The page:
My retirement hypothesis …

I’ve said it before, and I’ll say it again, I think that personal finance in America is broken.

I say it’s broken because advice is being doled out without any qualification: work hard, be frugal, save hard and …

… and, what?

If you start after college, you’ll work 20+ (probably, 40+) years, and you will aim to retire on what kind of income?

Let’s take a quick look at Bristol’s case again; he is 23 years old yet: he already has a stable job; he invests in his 401k up to his company’s match%; he has $20k (split evenly between a savings account and some blue chip stocks).

He has run a few numbers through the CNN retirement calculator and realizes that, by age 55, he would need $5.9 mill. ($2.2 mill. in todays dollars) to “spend retirement happily”.

After some discussion, and more analysis, Bristol came to the conclusion that this is impossible on an 8% assumed after tax return.

Now, one of Bristol’s assumptions – and, one that I am guilty of supporting – is that he would need a minimum of $90k annual salary (today’s dollars) in retirement.

But, is that the case?

I can’t speak for Bristol – I don’t know how he came up with the $90k p.a. figure (hence, the $2.2 mill. today’s dollars nest egg requirement). And, maybe my view is skewed because we – and almost everybody that we know – need a LOT more than $90k a year in retirement (we’re budgeting for our current run rate of $250k – $350k per year to continue)?

So, do you think it’s acceptable to work for 20 to 40 years, be frugal, save hard, yet aim for less (keeping in mind the need to help support an adult family, partner, lifestyle, health … without any guarantees of government handouts and safety nets still being in place by then)?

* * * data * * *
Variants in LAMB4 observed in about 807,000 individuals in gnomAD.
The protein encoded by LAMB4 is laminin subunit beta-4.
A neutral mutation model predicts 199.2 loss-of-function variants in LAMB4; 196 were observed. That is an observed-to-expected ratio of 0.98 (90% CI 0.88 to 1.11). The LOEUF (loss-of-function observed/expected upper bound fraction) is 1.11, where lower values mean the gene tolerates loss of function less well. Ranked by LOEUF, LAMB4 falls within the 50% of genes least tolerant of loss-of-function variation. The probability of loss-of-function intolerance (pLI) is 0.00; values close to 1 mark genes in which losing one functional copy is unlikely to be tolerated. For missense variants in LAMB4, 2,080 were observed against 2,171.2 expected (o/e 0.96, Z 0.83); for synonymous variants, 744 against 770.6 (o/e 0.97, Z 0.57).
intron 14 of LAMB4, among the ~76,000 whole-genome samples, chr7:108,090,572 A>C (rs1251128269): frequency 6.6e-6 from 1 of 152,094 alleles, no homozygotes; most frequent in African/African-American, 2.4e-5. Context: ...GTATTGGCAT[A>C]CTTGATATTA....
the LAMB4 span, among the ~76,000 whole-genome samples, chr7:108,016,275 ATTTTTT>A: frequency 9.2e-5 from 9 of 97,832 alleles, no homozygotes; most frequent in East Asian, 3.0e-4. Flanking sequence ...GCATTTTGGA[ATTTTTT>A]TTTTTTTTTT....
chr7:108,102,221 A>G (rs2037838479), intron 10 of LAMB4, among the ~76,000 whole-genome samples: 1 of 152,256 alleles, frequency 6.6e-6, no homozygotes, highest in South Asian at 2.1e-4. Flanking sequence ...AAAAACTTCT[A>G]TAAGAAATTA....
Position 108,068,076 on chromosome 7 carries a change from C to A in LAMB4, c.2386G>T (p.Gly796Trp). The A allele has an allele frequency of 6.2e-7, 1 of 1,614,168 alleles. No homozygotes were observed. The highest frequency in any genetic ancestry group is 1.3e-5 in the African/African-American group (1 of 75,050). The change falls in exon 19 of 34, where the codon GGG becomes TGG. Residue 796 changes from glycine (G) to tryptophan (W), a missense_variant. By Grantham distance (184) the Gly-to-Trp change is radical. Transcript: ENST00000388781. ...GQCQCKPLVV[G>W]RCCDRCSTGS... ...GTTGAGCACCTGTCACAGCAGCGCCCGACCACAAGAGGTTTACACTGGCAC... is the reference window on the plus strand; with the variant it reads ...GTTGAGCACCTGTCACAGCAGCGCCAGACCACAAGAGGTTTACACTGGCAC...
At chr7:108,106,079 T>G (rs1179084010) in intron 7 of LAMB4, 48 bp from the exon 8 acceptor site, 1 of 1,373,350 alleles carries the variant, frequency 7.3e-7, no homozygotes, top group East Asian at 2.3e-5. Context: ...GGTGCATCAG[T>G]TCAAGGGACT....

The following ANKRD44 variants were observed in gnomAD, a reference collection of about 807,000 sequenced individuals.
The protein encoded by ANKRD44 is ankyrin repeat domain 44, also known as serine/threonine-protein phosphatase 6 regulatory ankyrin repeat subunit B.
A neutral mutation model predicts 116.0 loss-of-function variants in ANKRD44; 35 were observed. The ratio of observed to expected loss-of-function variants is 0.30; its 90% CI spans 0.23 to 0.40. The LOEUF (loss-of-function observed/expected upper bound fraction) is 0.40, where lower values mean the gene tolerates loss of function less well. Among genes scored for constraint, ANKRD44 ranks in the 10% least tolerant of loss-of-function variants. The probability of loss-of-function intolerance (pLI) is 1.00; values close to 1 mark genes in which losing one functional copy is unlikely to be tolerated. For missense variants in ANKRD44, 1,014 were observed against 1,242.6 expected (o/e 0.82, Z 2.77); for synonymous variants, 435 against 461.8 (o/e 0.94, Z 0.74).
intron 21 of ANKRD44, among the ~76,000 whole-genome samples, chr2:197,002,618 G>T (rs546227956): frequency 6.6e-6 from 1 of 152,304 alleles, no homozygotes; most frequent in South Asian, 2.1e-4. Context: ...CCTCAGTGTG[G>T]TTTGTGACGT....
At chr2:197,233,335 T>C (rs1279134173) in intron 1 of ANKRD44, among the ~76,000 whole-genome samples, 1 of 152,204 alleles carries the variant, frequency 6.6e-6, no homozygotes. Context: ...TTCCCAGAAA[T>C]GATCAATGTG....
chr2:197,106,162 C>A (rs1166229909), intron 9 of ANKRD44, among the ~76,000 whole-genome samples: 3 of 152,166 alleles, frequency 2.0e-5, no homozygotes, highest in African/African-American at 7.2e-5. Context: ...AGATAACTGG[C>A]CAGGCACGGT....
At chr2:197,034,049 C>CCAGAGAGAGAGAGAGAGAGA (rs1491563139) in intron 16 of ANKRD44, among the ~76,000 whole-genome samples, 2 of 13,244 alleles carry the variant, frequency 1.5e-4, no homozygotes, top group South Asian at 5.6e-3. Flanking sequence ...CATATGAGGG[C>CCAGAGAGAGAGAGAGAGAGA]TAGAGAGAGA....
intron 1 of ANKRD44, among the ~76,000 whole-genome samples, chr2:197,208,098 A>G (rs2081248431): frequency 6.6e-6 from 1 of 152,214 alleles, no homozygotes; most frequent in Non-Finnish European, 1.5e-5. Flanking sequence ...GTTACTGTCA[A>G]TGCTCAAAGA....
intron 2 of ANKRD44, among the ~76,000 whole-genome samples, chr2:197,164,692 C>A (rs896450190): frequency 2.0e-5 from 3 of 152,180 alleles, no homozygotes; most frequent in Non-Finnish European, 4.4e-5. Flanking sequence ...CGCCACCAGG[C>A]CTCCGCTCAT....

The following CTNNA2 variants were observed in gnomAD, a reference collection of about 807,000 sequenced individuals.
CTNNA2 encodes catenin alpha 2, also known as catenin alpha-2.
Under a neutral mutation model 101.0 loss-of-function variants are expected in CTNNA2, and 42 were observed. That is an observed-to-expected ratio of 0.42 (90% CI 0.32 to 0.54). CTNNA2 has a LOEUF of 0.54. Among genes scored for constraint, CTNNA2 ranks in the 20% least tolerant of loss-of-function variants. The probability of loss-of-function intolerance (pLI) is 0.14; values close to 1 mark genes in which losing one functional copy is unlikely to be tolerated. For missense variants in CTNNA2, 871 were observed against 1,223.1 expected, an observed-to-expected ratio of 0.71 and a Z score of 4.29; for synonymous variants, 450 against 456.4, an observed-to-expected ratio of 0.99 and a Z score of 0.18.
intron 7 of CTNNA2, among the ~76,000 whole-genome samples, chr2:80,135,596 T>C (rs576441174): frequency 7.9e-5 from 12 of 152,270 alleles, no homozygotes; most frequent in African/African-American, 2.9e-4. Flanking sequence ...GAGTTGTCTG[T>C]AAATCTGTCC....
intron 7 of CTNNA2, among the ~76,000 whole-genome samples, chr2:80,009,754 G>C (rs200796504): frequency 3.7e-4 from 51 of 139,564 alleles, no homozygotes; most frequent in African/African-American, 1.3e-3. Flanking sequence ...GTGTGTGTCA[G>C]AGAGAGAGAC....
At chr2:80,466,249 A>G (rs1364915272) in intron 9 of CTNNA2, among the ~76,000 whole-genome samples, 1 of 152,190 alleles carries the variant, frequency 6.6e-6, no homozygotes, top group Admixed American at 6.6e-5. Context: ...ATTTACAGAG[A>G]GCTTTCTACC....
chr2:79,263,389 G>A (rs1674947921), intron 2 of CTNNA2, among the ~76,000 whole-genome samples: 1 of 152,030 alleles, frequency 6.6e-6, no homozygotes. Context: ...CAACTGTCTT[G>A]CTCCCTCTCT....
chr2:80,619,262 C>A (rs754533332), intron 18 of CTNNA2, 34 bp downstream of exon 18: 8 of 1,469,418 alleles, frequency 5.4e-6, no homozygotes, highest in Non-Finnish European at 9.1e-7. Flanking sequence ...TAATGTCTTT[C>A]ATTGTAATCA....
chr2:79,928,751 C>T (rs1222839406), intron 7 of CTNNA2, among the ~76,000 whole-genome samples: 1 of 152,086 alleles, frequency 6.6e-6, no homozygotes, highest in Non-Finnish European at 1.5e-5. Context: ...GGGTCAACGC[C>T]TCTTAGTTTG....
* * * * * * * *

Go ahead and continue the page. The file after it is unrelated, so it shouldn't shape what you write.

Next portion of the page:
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14 thoughts on “My retirement hypothesis …

  1. I think the real problem is that people think that retirement is a given, or even desirable.

    If you enjoy your work, there is no need to ever retire – except when you are no longer physically able, which is certainly much later than 60 for most people.

    I don’t ever plan to “retire”. I will have side businesses, real estate investments, etc my whole life.

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  3. I’m not sure where these numbers come from but I work with plenty of people who got good educations, worked for good companies, and have excellent retirements. They have nice homes, vacation homes etc. They enjoyed life while they worked, raised families and the kids went to good schools. In retirement these people are traveling, eating well and enjoying life. I’m not saying they are Warren Buffett rich but in the important things in life they are definitely rich.
    If Bristol has a good job, knows how to save and handle a credit card and works hard at his job he will do fine. Enjoy life.

  4. I agree with Chris. The thought of having nothing to do but sit in front of the television or the computer all day and waste away would make me jump the window or something after doing it a month, lol. 😉

    Imagine if all the great composers, painters or other masters had just set themselves “out to pasture” at 65 and didn’t create or contribute anything more but sit at home and “retire”. Thank goodness they didn’t and continued to create more masterpieces.